In general, you should plan on spending 40 hours of dual and 15 hours of solo to get your helicopter add-on. Probably 98% of our add-on students do it plus-or-minus 5 hours from that figure.
What are the differences between a Part 61 and a Part 141 flight school?
Part 141 schools have more FAA oversight, more rigid schedules, and more paperwork. For the added requirements, they are allowed to reduce the minimum required hours of private pilot training to 35 hours, rather than the 40-hour minimum required when training at a Part 61 flight school. The Part 61 school, on the other hand, is able to be more flexible with training schedules and has the ability to tailor the curriculum to meet individual students' training needs. Either school must train you to pass the very same practical test.
Is there a source of loans, scholarships, or other financial resources that can help support my flight training?
AOPA offers Flight Training Funds , which can be used for initial or recurrent flight training at either a Part 61 or a Part 141 school, or for training with an independent CFI. You can use the account to pay for aircraft rental, instructor fees, books and supplies, or anything else that would make your flight training successful.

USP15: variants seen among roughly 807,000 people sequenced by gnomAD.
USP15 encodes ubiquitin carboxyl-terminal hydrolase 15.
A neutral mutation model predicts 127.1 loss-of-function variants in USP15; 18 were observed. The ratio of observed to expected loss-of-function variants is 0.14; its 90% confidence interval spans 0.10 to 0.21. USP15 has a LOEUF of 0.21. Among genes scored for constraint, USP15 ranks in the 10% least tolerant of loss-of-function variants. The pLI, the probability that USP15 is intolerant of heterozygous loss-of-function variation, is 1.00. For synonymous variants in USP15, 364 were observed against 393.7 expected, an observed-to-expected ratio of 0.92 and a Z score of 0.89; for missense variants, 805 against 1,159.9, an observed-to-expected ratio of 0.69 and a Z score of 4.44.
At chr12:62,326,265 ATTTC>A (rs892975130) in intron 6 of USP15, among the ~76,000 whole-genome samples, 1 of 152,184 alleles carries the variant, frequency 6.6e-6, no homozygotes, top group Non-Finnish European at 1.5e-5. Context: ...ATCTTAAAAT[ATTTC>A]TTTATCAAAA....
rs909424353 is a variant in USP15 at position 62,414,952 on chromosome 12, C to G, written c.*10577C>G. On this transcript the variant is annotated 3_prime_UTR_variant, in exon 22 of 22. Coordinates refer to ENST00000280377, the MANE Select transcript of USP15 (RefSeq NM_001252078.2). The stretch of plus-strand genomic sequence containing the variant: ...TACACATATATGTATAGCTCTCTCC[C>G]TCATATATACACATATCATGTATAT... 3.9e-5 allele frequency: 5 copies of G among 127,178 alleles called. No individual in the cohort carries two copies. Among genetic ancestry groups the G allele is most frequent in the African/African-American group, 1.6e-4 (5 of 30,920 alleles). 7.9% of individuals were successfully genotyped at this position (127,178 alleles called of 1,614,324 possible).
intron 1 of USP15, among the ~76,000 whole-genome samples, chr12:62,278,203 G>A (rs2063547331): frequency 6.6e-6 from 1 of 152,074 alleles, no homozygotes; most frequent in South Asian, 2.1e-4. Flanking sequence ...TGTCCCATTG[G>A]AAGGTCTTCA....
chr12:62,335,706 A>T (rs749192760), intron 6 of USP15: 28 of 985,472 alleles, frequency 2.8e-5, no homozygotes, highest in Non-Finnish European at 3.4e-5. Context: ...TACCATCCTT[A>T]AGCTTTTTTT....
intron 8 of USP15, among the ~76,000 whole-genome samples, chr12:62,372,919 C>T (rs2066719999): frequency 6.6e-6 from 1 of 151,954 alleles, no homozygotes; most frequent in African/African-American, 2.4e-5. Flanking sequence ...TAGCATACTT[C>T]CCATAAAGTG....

How old do I have to be before I can start taking flying lessons?
You don't have to be a particular age before you can begin to take flying lessons. That said, however, you do have to be at least 16 years old before you can solo an airplane (14 years old for operation of a balloon or glider), and 17 before you can be issued a pilot certificate. Therefore, it may not be particularly efficient from the standpoint of cost and flight hours to begin lessons too early.
How old is too old to begin flying lessons?
Say “student pilot,” and most people think of a youngster chasing a dream. In reality, today's fledgling is likely a middle-aged adult who's not only chasing, but actually fulfilling, a lifelong ambition to be a pilot. The average student pilot today is in his 30s, and the typical average active pilot is a decade older. In addition, more than 25 percent of all U.S. pilots with current medical certificates are in their 50s. And some pilots learn to fly after they retire.
Hope you found this article useful,